Perhaps as a spiritual exercise we could be a “Samaritan for a day.” Be especially alert for events and people that give hope and light. Be eager to reach out for the unfamiliar and new that show promise. And above all, be grateful for the gifts that God gives. Photo by Ben White on Unsplash

God's Word on Sunday: Power of God overcomes all barriers

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  • May 10, 2020

Sixth Sunday of Easter, May 17 (Year A) Acts 8:5-8, 14-17; Psalm 66; 1 Peter 3:15-18; John 14:15-21

Samaria must have been quite a sight. Demons shrieking, the paralyzed and lame regaining their strength and mobility, and countless other signs and wonders amazed the multitudes. Many were moved to accept the word of God and be baptized.

The Samaritans and Jews did not have much good to say about each other, each regarding the other with hostility and contempt. But when evidence of God’s presence and power appeared on the scene, all such distinctions and barriers were promptly forgotten.

The Samaritans fare well in the New Testament — they are often portrayed as the ones who truly “get it” and who are open to God’s word. They were willing to believe on the basis of their experience rather than what others had told them.

Often there are advantages to having an outsider status. It can make one more of a seeker and perhaps more sensitive to things that offer a glimmer of hope. Rigidity, labelling and building barriers are signs of defensiveness that usually indicate fear and insecurity. In the religious sphere it can signify a lack of true understanding and closeness to God.

Those who are genuinely close to the divine source do not persecute, vilify and exclude. Peter and John had a surprise for them: the Holy Spirit. The text informs us they had “only” been baptized in the name of the Lord Jesus. With the imposition of hands, they received the Spirit.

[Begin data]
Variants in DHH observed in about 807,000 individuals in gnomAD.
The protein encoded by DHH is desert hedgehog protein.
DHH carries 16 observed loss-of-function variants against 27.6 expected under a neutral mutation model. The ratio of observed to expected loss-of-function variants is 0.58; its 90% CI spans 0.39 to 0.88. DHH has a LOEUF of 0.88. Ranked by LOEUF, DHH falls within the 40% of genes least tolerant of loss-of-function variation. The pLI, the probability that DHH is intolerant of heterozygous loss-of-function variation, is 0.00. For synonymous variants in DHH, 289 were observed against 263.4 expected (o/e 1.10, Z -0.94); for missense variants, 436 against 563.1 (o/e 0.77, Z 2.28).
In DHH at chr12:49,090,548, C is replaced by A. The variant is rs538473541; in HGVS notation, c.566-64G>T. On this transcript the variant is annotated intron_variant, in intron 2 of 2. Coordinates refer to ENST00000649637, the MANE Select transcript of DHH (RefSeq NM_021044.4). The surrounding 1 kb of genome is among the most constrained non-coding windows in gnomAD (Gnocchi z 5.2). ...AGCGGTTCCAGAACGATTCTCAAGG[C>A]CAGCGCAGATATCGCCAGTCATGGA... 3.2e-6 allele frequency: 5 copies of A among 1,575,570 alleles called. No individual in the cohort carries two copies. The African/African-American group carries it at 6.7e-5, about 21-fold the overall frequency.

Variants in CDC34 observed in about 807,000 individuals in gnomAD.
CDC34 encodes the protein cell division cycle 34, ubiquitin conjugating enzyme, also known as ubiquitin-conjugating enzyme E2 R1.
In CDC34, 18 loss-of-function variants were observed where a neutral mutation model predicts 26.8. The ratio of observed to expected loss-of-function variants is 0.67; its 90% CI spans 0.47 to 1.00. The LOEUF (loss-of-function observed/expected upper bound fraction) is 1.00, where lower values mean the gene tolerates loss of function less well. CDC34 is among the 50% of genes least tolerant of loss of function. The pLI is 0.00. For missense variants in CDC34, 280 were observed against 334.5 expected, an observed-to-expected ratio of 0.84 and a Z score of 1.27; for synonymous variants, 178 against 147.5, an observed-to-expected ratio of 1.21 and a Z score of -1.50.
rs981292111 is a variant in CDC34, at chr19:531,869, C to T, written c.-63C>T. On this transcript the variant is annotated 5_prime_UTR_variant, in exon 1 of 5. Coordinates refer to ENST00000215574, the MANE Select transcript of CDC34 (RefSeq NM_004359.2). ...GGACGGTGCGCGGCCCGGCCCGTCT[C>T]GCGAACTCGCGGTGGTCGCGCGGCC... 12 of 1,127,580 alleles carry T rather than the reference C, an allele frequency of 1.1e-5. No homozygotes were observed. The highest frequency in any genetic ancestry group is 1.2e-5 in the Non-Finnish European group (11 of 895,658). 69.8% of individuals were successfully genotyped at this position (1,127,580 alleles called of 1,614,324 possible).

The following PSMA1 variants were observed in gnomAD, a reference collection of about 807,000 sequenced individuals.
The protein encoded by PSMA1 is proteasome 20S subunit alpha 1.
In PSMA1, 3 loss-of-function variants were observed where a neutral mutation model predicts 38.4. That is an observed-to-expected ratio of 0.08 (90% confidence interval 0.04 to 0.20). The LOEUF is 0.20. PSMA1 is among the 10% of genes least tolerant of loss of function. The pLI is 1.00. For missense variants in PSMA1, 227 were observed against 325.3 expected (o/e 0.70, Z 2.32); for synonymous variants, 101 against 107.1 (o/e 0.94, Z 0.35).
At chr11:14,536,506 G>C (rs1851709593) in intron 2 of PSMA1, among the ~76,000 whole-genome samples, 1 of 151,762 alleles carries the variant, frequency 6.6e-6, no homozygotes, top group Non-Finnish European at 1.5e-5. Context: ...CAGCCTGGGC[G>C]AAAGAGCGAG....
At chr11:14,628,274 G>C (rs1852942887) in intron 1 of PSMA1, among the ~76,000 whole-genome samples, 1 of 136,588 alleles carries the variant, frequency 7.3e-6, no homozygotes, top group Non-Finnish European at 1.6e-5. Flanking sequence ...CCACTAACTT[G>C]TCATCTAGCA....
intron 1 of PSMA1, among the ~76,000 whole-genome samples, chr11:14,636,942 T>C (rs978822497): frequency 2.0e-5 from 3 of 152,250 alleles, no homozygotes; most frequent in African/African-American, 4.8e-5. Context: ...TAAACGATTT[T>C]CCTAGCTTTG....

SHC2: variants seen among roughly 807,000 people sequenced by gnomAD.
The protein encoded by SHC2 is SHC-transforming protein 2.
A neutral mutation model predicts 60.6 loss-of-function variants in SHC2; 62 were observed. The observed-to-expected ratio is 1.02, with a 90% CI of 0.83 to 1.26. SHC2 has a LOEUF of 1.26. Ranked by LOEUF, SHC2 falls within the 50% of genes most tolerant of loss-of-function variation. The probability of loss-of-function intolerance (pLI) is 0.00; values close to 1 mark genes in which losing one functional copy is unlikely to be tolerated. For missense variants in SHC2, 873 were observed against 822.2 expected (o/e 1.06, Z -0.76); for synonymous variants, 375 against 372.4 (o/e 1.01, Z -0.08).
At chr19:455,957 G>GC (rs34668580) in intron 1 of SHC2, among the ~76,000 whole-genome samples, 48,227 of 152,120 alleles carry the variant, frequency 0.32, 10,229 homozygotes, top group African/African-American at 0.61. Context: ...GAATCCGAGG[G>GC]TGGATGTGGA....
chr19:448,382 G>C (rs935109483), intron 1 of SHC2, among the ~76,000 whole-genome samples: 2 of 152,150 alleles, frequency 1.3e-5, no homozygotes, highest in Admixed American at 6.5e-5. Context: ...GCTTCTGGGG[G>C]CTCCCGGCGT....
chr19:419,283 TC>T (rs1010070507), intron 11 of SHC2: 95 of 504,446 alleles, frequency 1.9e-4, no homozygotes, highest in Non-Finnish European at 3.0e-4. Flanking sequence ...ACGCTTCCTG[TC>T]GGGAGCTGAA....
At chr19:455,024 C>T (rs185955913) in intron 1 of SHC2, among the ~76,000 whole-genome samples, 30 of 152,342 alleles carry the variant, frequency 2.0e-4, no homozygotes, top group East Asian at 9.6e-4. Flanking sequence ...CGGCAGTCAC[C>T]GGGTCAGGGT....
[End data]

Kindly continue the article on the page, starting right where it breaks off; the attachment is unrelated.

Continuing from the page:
Obviously, baptism was done a bit differently in the early Christian communities and sacramental theology was just beginning to develop. This shows us that things have not always been exactly the same, and that theology develops and changes over time. One thing does remain the same: the presence of Christ in the community and in the hearts of believers.

Perhaps as a spiritual exercise we could be a “Samaritan for a day.” Be especially alert for events and people that give hope and light. Be eager to reach out for the unfamiliar and new that show promise. And above all, be grateful for the gifts that God gives.

How do we sanctify Christ as Lord in our hearts? It is a deceptively simple question, but it lies at the very core of our faith and spirituality.

We begin by purifying our hearts of malice, greed, hatred, resentment, fear and lust. We cannot hold those things in our hearts and pretend to be honouring Christ or engaging in true worship.

Cleansing of the heart is a lifelong undertaking, so why not begin today?

In place of these negative feelings and thoughts, we can substitute compassion, mercy, forgiveness, generosity and gentleness, all the while focusing on Christ as the centre of our life. This is the deepest and most powerful form of worship and it will be noticed by others.

Note that the letter tells us to be prepared to explain the cause of our hope and joy. This is the most convincing form of evangelism — making others wish that they had what you have.

St. Ignatius of Loyola insisted that love is always manifested in deeds. Love does not consist of warm feelings and sentiments, for it is a call to action. Nowhere is this more important than in our relationship with Jesus.

If we say that we love the Lord, we need to show that love in our words, thoughts and deeds. This is obeying His twofold commandment that He gives in John’s Gospel: believing that Jesus is the One sent from above and ordering one’s life by that conviction; and humbly loving and serving others.

There are no substitutes or shortcuts. This is the only way we remain connected to Jesus and to the Father. It is how we know and experience God.

Those who obey the commandments of Jesus will receive the Paraclete — John’s term for the Holy Spirit — to be the continuing presence of Jesus. Since it is the Spirit of truth, we will experience the world in a quite different way.

Just as Jesus dwells in the Father, so will He dwell in us. And just as Jesus lives, so will we live. We will experience God to the degree that our hearts and minds are in harmony with God.

Jesus holds back nothing from those who obey His commandments and walk in His ways.

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